Over this past weekend I had the great privilege of hiking the former Lake Aldwell. Not far from my town an incredible, unprecedented transition is taking place. Two century-old dams are being removed from the Elwha River. It is the largest dam removal project ever undertaken in the US, if not the world, and it’s been in the planning/approval/funding process for more than 20 years. The intention is to restore the historic salmon runs (according to folklore, in the old days you could walk across the river on the backs of the 100-pound salmon) and to return the Elwha, much of which runs through Olympic National Park, to its wild river state. Scientists of every stripe have come here to plan and oversee the process of removing the two dams, draining their lakes while managing the 100-year silt accumulation, letting the river find new channels through the lake bed, and watching new vegetation reclaim the area (while keeping the invasive species out).
The removal of Elwha Dam, the lower of the two dams, began last September and was completed a month or so ago. I saw photos of the lake bed shortly after the dam was removed and really wanted to go there, but I wasn’t excited about sinking into mud so I’ve waited until now.
What I saw was otherworldly and wonderful. The river has indeed found its channel, and it is a meandering one that cuts through layers of silt, sand, and gravel. The most striking feature of the landscape is the tree trunks. These are the remains of gigantic old-growth Western Red Cedars that were cut and salvaged just before the lake filled. The stumps range from 4 to 12+ feet high depending on where they sit relative to the silt/sand/gravel beds. They apparently were burned at the time, but because this is a virtually indestructible wood, much of the mass is still there… after being cut, burned, and submerged for 100 years! Most of these stumps are ten or more feet across, and they are everywhere. The lake bed is a “moonscape,” eerily desert-like, but teeming with signs of life.
See those notches in the stump? Those are proof that it was cut more than a century ago, using old logging techniques that I am unable to describe to you (but you can probably google it).
While it may look desolate, I’m happy to report that life is definitely returning to the former Lake Aldwell. My hiking friend and I marveled at the large number of tracks left deeply and precisely imprinted in the fine silt on the west bank. We saw lots of elk (or possibly mountain goat) prints, but what really caught our attention were these prints:
We can’t decide whether these are coyote or cougar prints. Based on their large size (compare the shoe prints) and roundness (not elongated/oval) we think they are cougar, but my field guide book tells me you wouldn’t see claws on cougar tracks. However, my field guide may not take into account how thick and gooey the mud was when those tracks were made. If I were a cougar I might have extended my claws to keep from sinking too deep. What do you think?
After we hiked about half the length of Lake Aldwell, we drove up to the upper dam (Glines Canyon Dam). This dam is still intact, but Lake Mills is being drained at a rate of about one foot a day. The reason for this slow trickle is to prevent a wall of silt from rushing downstream to the fragile, recovering downstream riverbed. It will be nearly another year before the upper Elwha runs free. I couldn’t photograph Lake Mills because construction barriers have been put in place… but I could peek through.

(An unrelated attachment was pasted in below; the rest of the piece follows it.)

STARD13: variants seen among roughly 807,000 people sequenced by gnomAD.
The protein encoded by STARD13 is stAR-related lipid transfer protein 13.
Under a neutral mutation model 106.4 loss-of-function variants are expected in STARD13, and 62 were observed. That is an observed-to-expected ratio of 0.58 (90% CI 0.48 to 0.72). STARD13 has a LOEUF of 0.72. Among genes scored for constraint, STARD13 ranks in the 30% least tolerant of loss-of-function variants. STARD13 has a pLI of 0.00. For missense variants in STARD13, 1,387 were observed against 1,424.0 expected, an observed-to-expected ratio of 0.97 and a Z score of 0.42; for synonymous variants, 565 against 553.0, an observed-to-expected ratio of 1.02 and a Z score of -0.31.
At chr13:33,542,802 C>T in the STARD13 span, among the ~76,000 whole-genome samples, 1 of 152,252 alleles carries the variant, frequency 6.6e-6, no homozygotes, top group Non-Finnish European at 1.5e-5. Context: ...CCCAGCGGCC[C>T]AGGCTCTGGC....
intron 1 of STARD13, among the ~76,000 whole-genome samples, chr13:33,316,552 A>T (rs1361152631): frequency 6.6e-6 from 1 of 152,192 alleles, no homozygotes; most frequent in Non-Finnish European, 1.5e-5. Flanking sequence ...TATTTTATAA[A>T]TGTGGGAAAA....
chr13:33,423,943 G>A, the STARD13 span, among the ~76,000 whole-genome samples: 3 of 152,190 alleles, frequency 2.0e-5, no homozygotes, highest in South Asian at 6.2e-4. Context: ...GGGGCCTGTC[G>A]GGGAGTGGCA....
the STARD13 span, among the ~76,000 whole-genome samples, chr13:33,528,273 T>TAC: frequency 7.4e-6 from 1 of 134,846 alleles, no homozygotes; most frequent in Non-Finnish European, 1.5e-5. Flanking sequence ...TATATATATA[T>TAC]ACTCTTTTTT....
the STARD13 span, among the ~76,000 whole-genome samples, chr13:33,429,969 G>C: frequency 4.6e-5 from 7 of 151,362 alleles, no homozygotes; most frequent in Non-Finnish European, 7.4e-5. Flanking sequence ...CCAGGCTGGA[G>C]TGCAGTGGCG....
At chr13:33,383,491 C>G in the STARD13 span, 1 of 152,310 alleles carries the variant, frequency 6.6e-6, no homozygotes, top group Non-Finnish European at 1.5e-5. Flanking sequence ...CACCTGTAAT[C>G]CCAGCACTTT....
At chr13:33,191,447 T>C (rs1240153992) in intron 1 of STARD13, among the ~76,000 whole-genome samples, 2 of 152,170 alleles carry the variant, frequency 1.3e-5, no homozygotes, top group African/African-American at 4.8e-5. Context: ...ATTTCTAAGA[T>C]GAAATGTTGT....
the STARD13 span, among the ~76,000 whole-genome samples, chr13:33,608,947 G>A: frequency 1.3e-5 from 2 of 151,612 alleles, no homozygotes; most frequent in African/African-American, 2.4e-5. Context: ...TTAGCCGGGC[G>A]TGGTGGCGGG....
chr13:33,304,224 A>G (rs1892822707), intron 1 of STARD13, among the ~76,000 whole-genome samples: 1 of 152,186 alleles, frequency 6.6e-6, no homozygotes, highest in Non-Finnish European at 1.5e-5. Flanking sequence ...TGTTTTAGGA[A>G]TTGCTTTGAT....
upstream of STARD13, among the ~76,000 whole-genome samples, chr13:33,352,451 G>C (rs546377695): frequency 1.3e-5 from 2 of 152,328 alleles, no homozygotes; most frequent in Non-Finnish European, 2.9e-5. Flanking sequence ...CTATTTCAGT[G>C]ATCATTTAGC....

Back here in town, another transition is being envisioned. You may recall that one of my goals for post-corporate life was to become involved in local community building initiatives. Well, I have found my place, at least for now, with the Transition Towns movement. This is an initiative that began in the UK and is focused on creative local response to environmental and economic threats. Transition initiatives emerge within communities in a grassroots fashion in response to this question:
“For all those aspects of life that our community needs in order to sustain itself and thrive, how do we significantly increase resilience (in response to peak oil), drastically reduce carbon emissions (in response to climate change) and greatly strengthen our local economy (in response to economic instability)?”
I’ve become a core member of a Transition Initiating Group, and we’re in the process of figuring out how to address this downshifting question in a way that uniquely fits our local small town — geographically isolated, with a dying/dead logging industry, millions of acres of protected wilderness, seasonal tourism, a short growing season, but LOTS of water. Our demographics range from Libertarian to Green, from Microsoft millionaire to retirees who are barely scraping by on Social Security. I don’t believe Sasquatch exists, but I know for a fact that there are homeless veterans living back there in the woods, and they do not want to be bothered by outsiders. All of these people, these voices, need to be brought into the conversation about the future that we are trying to initiate.
So it’s an interesting project, but it’s giving me exactly what I hoped to find. I’m meeting and working with people who may have widely differing perspectives but share a desire to thrive in the face of whatever future challenges we may or may not face. Whether or not you “believe” in whatever predictions one or another scientific model may make, isn’t it prudent to be prepared in case this or that worst-case scenario might happen? And even if it never happens, isn’t it a great thing to sit around a table with thoughtful people, sharing a meal and talking about one’s hopes and dreams for the future?
I think so.
It took vision and perseverence to make the Elwha River run free, and I want to lend my vision and perseverence to making my small town a freer, happier, more neighborly place to be.